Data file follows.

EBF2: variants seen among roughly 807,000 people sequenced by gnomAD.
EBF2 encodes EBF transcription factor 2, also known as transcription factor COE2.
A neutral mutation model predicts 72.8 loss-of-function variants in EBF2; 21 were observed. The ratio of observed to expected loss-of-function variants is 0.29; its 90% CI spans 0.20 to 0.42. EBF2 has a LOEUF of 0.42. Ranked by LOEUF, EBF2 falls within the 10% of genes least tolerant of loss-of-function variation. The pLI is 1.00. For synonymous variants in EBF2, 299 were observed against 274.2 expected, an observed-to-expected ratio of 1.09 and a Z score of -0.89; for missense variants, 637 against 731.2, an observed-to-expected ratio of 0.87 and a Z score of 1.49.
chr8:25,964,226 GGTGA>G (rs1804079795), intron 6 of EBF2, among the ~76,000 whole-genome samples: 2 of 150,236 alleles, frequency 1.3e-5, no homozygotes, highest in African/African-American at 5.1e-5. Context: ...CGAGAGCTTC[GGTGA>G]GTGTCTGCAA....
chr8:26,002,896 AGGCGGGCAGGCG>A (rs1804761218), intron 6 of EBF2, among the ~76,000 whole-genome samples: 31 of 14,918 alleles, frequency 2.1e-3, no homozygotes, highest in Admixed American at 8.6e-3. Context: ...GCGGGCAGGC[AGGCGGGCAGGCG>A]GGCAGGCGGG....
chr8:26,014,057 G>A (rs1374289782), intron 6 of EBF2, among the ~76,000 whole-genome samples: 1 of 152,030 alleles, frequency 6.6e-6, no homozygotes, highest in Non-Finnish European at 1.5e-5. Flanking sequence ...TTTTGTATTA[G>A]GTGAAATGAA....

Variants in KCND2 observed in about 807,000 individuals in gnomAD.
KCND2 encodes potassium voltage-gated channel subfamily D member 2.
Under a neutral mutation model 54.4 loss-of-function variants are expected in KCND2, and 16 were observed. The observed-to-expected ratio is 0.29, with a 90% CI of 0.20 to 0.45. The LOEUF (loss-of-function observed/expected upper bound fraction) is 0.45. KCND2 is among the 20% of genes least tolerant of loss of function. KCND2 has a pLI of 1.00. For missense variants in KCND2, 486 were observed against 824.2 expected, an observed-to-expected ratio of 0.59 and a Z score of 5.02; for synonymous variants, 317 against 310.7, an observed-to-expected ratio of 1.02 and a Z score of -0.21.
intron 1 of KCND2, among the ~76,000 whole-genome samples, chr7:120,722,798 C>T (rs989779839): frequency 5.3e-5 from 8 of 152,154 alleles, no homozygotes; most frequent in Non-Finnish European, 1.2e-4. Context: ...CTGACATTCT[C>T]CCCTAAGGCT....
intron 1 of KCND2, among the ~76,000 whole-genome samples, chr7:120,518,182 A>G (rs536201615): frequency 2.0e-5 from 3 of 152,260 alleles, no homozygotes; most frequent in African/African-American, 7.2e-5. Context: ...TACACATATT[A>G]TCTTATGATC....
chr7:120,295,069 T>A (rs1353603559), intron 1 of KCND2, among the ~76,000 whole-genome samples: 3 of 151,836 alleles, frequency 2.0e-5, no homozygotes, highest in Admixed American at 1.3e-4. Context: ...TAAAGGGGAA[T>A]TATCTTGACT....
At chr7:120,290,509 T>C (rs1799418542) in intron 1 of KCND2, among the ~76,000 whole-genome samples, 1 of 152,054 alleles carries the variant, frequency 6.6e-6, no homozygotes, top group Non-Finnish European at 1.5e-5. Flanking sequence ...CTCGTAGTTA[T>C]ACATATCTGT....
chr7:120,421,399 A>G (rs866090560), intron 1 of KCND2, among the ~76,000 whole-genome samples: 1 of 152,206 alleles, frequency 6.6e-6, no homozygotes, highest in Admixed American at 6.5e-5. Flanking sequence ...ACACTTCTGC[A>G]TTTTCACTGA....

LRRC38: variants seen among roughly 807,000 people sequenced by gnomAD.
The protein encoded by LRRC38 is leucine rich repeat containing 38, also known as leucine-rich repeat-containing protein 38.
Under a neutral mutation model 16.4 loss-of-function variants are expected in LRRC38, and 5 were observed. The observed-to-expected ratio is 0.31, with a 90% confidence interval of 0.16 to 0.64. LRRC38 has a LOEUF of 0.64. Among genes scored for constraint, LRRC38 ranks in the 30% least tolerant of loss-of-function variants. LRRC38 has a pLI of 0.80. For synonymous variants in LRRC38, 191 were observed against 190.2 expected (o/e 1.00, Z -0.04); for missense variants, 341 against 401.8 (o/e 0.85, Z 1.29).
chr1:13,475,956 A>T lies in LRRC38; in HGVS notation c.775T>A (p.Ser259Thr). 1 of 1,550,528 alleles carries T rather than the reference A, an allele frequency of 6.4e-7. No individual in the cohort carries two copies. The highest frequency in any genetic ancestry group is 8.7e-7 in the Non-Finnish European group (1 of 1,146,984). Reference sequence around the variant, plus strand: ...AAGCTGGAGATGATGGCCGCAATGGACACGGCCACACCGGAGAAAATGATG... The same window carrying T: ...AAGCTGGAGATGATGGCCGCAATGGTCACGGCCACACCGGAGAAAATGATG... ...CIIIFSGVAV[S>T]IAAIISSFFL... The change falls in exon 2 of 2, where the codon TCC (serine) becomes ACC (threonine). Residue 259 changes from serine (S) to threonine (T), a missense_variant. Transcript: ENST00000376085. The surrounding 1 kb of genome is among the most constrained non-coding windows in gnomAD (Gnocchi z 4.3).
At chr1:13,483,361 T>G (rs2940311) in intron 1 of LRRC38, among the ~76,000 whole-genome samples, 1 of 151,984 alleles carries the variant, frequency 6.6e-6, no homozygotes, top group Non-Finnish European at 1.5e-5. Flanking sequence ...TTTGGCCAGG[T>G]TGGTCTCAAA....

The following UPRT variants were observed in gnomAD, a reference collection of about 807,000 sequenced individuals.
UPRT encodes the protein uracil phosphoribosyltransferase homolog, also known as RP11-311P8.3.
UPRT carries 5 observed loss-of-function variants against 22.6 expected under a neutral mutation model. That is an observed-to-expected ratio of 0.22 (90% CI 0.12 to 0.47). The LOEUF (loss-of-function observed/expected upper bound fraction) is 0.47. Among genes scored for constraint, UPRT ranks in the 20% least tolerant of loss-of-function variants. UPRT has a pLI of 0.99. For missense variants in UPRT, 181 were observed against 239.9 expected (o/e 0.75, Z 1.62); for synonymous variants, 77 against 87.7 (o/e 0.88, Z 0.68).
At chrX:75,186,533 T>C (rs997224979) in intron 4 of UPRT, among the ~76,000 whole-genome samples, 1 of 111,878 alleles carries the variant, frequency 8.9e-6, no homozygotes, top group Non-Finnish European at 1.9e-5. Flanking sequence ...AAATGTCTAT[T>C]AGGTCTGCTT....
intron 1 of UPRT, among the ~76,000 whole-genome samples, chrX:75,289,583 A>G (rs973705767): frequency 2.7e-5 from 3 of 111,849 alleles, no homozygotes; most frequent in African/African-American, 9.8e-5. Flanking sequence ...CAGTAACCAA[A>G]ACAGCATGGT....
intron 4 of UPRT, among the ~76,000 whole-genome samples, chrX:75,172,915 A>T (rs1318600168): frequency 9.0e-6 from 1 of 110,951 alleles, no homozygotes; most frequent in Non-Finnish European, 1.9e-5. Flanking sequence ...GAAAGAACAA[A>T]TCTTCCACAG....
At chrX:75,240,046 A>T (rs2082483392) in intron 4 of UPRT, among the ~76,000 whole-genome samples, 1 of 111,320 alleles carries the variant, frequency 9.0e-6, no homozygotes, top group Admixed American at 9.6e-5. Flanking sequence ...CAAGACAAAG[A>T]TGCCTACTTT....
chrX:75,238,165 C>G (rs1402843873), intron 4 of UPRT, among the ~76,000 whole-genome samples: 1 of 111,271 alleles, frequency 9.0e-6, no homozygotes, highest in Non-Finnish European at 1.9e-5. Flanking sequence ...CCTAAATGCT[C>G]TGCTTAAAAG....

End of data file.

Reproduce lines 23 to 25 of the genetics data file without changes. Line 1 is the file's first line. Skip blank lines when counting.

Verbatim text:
At chrX:75,186,533 T>C (rs997224979) in intron 4 of UPRT, among the ~76,000 whole-genome samples, 1 of 111,878 alleles carries the variant, frequency 8.9e-6, no homozygotes, top group Non-Finnish European at 1.9e-5. Flanking sequence ...AAATGTCTAT[T>C]AGGTCTGCTT....
intron 1 of UPRT, among the ~76,000 whole-genome samples, chrX:75,289,583 A>G (rs973705767): frequency 2.7e-5 from 3 of 111,849 alleles, no homozygotes; most frequent in African/African-American, 9.8e-5. Flanking sequence ...CAGTAACCAA[A>G]ACAGCATGGT....
intron 4 of UPRT, among the ~76,000 whole-genome samples, chrX:75,172,915 A>T (rs1318600168): frequency 9.0e-6 from 1 of 110,951 alleles, no homozygotes; most frequent in Non-Finnish European, 1.9e-5. Flanking sequence ...GAAAGAACAA[A>T]TCTTCCACAG....